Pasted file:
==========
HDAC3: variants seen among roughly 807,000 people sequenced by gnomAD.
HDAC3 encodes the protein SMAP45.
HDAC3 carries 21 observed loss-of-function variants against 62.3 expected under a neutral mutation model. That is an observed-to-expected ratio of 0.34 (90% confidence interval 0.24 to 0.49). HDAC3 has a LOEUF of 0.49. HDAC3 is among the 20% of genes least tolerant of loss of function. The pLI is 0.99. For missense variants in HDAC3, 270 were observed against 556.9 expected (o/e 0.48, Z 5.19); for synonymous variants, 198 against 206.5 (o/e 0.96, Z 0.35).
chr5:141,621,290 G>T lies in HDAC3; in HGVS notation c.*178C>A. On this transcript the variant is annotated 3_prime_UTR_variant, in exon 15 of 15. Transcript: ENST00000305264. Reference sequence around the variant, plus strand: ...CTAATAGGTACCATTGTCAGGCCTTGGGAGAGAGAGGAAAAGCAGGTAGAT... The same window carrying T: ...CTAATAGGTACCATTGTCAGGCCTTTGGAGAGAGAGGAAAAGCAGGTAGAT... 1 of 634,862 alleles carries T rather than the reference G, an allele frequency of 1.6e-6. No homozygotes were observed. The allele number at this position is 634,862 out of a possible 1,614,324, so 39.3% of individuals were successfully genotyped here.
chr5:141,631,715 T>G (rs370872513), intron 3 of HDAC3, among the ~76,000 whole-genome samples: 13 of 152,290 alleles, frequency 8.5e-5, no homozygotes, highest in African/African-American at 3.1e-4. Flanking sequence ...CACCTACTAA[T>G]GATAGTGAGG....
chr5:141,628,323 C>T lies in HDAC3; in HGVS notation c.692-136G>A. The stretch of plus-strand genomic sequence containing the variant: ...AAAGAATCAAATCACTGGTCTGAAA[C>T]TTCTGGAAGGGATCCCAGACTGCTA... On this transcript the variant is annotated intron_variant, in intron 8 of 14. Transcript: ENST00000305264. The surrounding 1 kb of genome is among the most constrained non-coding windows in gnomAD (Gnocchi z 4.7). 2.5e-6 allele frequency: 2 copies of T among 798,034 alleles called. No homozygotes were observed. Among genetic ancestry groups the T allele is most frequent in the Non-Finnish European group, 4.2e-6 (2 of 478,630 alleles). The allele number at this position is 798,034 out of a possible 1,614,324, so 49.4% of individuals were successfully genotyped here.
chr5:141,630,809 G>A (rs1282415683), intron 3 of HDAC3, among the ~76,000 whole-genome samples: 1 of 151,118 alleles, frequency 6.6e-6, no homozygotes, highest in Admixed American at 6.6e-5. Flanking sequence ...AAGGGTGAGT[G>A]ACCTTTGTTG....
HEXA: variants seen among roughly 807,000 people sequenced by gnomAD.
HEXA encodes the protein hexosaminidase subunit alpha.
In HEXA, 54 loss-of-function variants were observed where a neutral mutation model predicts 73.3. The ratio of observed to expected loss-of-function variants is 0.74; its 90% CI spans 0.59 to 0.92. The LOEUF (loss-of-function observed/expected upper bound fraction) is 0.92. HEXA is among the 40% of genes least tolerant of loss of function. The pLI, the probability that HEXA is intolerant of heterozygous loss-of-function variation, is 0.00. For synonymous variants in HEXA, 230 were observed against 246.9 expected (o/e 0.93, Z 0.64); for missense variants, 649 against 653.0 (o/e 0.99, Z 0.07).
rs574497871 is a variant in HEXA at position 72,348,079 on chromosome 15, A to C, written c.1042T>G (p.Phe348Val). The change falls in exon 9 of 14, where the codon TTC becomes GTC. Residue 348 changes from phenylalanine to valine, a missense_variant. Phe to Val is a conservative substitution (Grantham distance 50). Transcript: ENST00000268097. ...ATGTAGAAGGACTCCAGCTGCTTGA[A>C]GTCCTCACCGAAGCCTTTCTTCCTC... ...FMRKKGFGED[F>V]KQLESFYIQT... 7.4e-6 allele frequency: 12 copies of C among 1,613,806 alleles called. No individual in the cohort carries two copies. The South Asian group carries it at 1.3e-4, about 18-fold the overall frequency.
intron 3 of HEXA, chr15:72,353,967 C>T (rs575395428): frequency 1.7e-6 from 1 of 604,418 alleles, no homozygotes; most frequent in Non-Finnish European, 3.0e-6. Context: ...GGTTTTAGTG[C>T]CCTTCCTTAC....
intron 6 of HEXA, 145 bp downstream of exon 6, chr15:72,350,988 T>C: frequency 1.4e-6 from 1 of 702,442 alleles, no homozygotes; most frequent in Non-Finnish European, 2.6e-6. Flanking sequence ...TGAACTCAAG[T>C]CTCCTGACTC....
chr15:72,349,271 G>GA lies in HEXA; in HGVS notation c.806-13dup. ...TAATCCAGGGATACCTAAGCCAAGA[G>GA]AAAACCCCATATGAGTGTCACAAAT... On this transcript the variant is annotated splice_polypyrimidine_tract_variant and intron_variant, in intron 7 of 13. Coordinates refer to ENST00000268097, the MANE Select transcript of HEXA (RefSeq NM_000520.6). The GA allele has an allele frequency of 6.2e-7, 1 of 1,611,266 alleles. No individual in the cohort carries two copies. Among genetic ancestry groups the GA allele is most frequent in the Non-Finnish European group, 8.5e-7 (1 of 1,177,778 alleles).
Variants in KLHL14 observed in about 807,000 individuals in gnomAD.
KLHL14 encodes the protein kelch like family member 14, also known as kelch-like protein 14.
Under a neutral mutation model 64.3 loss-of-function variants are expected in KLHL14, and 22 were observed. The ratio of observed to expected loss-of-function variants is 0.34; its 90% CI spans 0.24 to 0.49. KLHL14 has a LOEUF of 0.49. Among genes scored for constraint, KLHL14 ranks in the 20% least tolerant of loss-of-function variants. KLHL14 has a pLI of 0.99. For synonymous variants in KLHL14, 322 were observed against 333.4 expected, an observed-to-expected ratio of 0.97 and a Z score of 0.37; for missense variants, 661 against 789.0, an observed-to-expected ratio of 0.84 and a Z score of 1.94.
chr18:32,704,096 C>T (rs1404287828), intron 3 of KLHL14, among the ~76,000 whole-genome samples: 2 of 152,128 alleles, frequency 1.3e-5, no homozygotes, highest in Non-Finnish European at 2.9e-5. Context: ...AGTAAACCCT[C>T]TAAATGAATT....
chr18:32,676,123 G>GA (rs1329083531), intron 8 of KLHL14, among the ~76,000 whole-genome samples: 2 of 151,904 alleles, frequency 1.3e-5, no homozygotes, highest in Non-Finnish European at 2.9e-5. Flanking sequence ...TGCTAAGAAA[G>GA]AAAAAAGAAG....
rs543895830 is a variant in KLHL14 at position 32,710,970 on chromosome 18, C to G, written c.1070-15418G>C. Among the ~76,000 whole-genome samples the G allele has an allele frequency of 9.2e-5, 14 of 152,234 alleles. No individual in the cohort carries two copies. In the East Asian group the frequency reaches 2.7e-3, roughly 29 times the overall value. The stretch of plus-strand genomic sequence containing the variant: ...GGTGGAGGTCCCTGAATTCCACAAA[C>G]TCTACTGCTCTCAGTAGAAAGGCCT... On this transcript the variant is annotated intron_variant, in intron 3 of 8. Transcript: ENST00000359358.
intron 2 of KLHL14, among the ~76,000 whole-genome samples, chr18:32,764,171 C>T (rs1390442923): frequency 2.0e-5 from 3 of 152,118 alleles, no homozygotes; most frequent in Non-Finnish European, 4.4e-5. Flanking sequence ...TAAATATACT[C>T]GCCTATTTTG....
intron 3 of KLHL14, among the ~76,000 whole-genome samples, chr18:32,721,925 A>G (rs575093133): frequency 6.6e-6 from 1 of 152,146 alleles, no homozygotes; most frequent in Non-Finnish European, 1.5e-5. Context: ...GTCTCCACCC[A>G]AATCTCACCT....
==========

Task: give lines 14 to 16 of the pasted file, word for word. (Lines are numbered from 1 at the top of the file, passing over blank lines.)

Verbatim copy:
chr15:72,349,271 G>GA lies in HEXA; in HGVS notation c.806-13dup. ...TAATCCAGGGATACCTAAGCCAAGA[G>GA]AAAACCCCATATGAGTGTCACAAAT... On this transcript the variant is annotated splice_polypyrimidine_tract_variant and intron_variant, in intron 7 of 13. Coordinates refer to ENST00000268097, the MANE Select transcript of HEXA (RefSeq NM_000520.6). The GA allele has an allele frequency of 6.2e-7, 1 of 1,611,266 alleles. No individual in the cohort carries two copies. Among genetic ancestry groups the GA allele is most frequent in the Non-Finnish European group, 8.5e-7 (1 of 1,177,778 alleles).
Variants in KLHL14 observed in about 807,000 individuals in gnomAD.
KLHL14 encodes the protein kelch like family member 14, also known as kelch-like protein 14.